Quantum dots: eco-friendly version wanted

Quantum dots: eco-friendly version wanted

By eeNews Europe

Today’s flat panel TVs can a offer breathtakingly realistic image quality. Not only because they have extremely high resolutions but also because their colour reproduction is so sophisticated. Responsible for the natural colours are tiny crystals, arranged in layers only a few atoms thick – the quantum dots. These nano particles, deployed in the backlighting section of LC displays, do not only cause a firework of colours; instead they also have another interesting property. “A large advantage of quantum dots lies in the fact that it is possible to modify their optical properties by varying their size,” explains Armin Wedel from Fraunhofer Institute for applied polymer research (IAP) in Potsdam (Germany). “Thus, it is not necessary to produce three different materials for the basic colours blue, green and red. Instead, you can work on a single feedstock.” This helps reducing cost and time.

Since several years, the researchers in Fraunhofer IAP are developing quantum dots for customers active in a variety of industries. For each application they create customised nano particles through chemical synthesis. During this process, initially very small particles are created that emit blue light. From a size of some two nanometres on, the colour changes to green. The largest quantum dots emit light in the red part of the spectrum. Currently, Wedel and his team develop quantum dots for an LC display backlight unit on behalf of Dutch NDF Special Light Products B. V. Towards this end, the Fraunhofer researchers devise crystals for a range of colours and embed them in plastic materials. These materials then are processed to films, and these films then are integrated into the displays as converter foil.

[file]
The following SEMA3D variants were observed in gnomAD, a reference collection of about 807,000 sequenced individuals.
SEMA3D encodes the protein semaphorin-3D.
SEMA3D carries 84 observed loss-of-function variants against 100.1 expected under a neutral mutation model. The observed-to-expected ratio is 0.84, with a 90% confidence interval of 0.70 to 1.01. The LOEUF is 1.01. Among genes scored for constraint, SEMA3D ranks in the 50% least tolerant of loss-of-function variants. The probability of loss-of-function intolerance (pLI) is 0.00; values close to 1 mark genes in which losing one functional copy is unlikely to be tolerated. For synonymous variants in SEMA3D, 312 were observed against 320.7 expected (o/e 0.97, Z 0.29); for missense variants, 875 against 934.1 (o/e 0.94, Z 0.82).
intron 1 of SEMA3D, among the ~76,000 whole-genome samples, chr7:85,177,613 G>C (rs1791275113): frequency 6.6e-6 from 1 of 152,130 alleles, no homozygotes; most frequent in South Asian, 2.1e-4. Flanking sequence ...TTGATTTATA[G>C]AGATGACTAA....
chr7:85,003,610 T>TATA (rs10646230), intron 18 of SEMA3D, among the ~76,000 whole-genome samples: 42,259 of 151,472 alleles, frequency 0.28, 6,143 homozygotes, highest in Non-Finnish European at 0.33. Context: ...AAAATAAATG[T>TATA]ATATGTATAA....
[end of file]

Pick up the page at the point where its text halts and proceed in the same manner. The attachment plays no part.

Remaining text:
This task confronted the researchers with a new challenge: Currently the EU Commission is discussing the ban of environmentally harmful cadmium in consumer goods by 2017. So far, this material was considered the ideal starting matter because cadmium-based quantum dots offer a very high spectral bandwidth of only 20 to 25 nanometres which results in very good colour definition and excellent handling properties. Therefore, researchers around the globe are looking feverishly for suitable materials with similar properties. The IAP team believes it is on a promising way. “In cooperation with NDF we are testing quantum dots based on indium phosphide”, says Wedel. The IAP researchers have already been able to reach a spectral definition of 40 nanometres. At first sight this does not appear to be far from the quality achievable with cadmium-based quantum dots. However, there is still a large potential for improvements. “We regard this as a first milestone but we are working to make it even better”, Wedel says.

The effort could pay out: Not only the manufacturers of colour displays are in need of the tiny crystals. Quantum dots could also be used to drive the efficiency of solar cells higher or be used in bioanalytics. For such peculiar applications, the optical properties of the quantum dots need to be adapted to the respective requirements.

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